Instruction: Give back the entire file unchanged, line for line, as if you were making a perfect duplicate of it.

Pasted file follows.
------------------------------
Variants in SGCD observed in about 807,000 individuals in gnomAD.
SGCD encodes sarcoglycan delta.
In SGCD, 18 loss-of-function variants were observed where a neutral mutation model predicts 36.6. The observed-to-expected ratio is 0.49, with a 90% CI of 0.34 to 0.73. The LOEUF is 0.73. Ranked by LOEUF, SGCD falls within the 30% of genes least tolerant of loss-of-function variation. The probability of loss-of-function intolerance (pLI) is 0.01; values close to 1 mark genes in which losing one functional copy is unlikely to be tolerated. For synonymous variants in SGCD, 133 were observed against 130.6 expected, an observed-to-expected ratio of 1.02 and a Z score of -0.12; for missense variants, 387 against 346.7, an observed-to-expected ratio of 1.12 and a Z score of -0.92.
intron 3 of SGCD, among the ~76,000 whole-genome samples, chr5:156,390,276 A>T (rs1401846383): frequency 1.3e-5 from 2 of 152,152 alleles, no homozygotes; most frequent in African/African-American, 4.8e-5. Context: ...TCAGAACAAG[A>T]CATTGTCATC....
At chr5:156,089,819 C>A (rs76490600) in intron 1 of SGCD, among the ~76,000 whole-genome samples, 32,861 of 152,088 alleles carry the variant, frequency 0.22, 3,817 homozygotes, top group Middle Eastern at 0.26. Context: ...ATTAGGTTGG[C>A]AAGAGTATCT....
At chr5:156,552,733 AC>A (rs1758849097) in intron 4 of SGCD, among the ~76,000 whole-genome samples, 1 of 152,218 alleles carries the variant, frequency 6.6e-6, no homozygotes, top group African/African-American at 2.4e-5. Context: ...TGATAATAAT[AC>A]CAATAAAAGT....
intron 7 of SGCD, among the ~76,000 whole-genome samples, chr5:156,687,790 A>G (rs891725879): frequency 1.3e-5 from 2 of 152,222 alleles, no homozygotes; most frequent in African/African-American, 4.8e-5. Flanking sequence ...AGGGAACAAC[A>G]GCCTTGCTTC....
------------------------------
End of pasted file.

Variants in SGCD observed in about 807,000 individuals in gnomAD.
SGCD encodes sarcoglycan delta.
In SGCD, 18 loss-of-function variants were observed where a neutral mutation model predicts 36.6. The observed-to-expected ratio is 0.49, with a 90% CI of 0.34 to 0.73. The LOEUF is 0.73. Ranked by LOEUF, SGCD falls within the 30% of genes least tolerant of loss-of-function variation. The probability of loss-of-function intolerance (pLI) is 0.01; values close to 1 mark genes in which losing one functional copy is unlikely to be tolerated. For synonymous variants in SGCD, 133 were observed against 130.6 expected, an observed-to-expected ratio of 1.02 and a Z score of -0.12; for missense variants, 387 against 346.7, an observed-to-expected ratio of 1.12 and a Z score of -0.92.
intron 3 of SGCD, among the ~76,000 whole-genome samples, chr5:156,390,276 A>T (rs1401846383): frequency 1.3e-5 from 2 of 152,152 alleles, no homozygotes; most frequent in African/African-American, 4.8e-5. Context: ...TCAGAACAAG[A>T]CATTGTCATC....
At chr5:156,089,819 C>A (rs76490600) in intron 1 of SGCD, among the ~76,000 whole-genome samples, 32,861 of 152,088 alleles carry the variant, frequency 0.22, 3,817 homozygotes, top group Middle Eastern at 0.26. Context: ...ATTAGGTTGG[C>A]AAGAGTATCT....
At chr5:156,552,733 AC>A (rs1758849097) in intron 4 of SGCD, among the ~76,000 whole-genome samples, 1 of 152,218 alleles carries the variant, frequency 6.6e-6, no homozygotes, top group African/African-American at 2.4e-5. Context: ...TGATAATAAT[AC>A]CAATAAAAGT....
intron 7 of SGCD, among the ~76,000 whole-genome samples, chr5:156,687,790 A>G (rs891725879): frequency 1.3e-5 from 2 of 152,222 alleles, no homozygotes; most frequent in African/African-American, 4.8e-5. Flanking sequence ...AGGGAACAAC[A>G]GCCTTGCTTC....